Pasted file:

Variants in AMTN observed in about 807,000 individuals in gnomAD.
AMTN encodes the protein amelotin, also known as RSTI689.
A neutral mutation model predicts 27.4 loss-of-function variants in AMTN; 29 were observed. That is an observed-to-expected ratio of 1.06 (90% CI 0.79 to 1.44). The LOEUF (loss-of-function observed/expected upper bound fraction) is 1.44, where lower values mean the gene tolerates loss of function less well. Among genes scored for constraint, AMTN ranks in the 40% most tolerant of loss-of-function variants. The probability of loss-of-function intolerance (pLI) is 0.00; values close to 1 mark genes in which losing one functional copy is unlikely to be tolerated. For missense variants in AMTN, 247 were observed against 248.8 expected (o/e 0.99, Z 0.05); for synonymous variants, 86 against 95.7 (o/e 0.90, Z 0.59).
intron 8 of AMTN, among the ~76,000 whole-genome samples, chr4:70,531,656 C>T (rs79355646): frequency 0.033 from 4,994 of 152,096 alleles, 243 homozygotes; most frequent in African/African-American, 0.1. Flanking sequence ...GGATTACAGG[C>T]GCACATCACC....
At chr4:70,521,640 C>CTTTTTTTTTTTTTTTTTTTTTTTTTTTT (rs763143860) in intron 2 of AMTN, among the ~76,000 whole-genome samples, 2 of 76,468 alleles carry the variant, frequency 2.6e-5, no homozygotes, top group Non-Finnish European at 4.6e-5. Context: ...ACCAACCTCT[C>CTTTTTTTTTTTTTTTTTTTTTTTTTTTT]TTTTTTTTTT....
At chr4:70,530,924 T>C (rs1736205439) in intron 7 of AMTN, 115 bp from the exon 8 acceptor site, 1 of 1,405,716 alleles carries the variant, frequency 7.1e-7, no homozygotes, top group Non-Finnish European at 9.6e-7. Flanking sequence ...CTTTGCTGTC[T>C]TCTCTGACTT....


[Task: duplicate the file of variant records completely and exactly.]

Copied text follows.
Variants in AMTN observed in about 807,000 individuals in gnomAD.
AMTN encodes the protein amelotin, also known as RSTI689.
A neutral mutation model predicts 27.4 loss-of-function variants in AMTN; 29 were observed. That is an observed-to-expected ratio of 1.06 (90% CI 0.79 to 1.44). The LOEUF (loss-of-function observed/expected upper bound fraction) is 1.44, where lower values mean the gene tolerates loss of function less well. Among genes scored for constraint, AMTN ranks in the 40% most tolerant of loss-of-function variants. The probability of loss-of-function intolerance (pLI) is 0.00; values close to 1 mark genes in which losing one functional copy is unlikely to be tolerated. For missense variants in AMTN, 247 were observed against 248.8 expected (o/e 0.99, Z 0.05); for synonymous variants, 86 against 95.7 (o/e 0.90, Z 0.59).
intron 8 of AMTN, among the ~76,000 whole-genome samples, chr4:70,531,656 C>T (rs79355646): frequency 0.033 from 4,994 of 152,096 alleles, 243 homozygotes; most frequent in African/African-American, 0.1. Flanking sequence ...GGATTACAGG[C>T]GCACATCACC....
At chr4:70,521,640 C>CTTTTTTTTTTTTTTTTTTTTTTTTTTTT (rs763143860) in intron 2 of AMTN, among the ~76,000 whole-genome samples, 2 of 76,468 alleles carry the variant, frequency 2.6e-5, no homozygotes, top group Non-Finnish European at 4.6e-5. Context: ...ACCAACCTCT[C>CTTTTTTTTTTTTTTTTTTTTTTTTTTTT]TTTTTTTTTT....
At chr4:70,530,924 T>C (rs1736205439) in intron 7 of AMTN, 115 bp from the exon 8 acceptor site, 1 of 1,405,716 alleles carries the variant, frequency 7.1e-7, no homozygotes, top group Non-Finnish European at 9.6e-7. Flanking sequence ...CTTTGCTGTC[T>C]TCTCTGACTT....